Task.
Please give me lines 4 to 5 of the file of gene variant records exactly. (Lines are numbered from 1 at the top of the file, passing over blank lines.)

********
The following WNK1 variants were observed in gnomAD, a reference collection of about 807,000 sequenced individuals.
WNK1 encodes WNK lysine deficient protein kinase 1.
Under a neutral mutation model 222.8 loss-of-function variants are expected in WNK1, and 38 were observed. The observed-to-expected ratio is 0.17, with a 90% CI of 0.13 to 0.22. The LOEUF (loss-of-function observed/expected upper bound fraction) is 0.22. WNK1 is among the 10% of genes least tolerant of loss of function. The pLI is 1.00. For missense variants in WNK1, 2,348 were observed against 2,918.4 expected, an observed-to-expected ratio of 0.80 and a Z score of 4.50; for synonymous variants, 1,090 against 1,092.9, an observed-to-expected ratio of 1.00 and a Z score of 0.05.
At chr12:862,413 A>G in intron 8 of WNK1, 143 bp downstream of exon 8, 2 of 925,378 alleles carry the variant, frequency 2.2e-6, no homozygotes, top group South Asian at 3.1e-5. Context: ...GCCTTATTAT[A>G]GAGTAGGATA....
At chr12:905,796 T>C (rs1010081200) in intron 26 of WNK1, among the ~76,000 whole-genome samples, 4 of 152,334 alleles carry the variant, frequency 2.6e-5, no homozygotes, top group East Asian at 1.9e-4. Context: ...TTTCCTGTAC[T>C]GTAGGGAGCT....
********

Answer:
At chr12:862,413 A>G in intron 8 of WNK1, 143 bp downstream of exon 8, 2 of 925,378 alleles carry the variant, frequency 2.2e-6, no homozygotes, top group South Asian at 3.1e-5. Context: ...GCCTTATTAT[A>G]GAGTAGGATA....
At chr12:905,796 T>C (rs1010081200) in intron 26 of WNK1, among the ~76,000 whole-genome samples, 4 of 152,334 alleles carry the variant, frequency 2.6e-5, no homozygotes, top group East Asian at 1.9e-4. Context: ...TTTCCTGTAC[T>C]GTAGGGAGCT....